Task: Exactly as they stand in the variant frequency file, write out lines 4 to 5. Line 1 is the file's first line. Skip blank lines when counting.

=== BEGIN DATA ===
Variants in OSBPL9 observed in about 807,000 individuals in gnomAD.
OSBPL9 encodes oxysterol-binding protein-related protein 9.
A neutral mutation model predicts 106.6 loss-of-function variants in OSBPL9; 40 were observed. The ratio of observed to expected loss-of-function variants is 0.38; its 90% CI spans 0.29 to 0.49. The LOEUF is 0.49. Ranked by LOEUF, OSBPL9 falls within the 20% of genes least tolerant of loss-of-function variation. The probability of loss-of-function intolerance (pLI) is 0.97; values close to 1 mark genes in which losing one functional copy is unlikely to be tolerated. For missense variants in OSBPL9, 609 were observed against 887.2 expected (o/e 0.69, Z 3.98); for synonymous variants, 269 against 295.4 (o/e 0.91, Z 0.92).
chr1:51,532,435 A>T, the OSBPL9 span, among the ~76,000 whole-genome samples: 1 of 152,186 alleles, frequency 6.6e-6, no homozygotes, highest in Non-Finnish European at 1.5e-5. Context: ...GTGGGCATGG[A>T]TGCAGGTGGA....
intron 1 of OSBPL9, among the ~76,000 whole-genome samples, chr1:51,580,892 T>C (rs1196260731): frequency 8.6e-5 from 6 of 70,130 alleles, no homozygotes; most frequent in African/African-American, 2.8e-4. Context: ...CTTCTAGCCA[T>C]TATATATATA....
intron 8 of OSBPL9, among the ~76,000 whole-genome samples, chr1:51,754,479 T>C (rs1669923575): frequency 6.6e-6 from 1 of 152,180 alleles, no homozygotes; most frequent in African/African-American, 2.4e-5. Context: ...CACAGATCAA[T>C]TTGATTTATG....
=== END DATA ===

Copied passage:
chr1:51,532,435 A>T, the OSBPL9 span, among the ~76,000 whole-genome samples: 1 of 152,186 alleles, frequency 6.6e-6, no homozygotes, highest in Non-Finnish European at 1.5e-5. Context: ...GTGGGCATGG[A>T]TGCAGGTGGA....
intron 1 of OSBPL9, among the ~76,000 whole-genome samples, chr1:51,580,892 T>C (rs1196260731): frequency 8.6e-5 from 6 of 70,130 alleles, no homozygotes; most frequent in African/African-American, 2.8e-4. Context: ...CTTCTAGCCA[T>C]TATATATATA....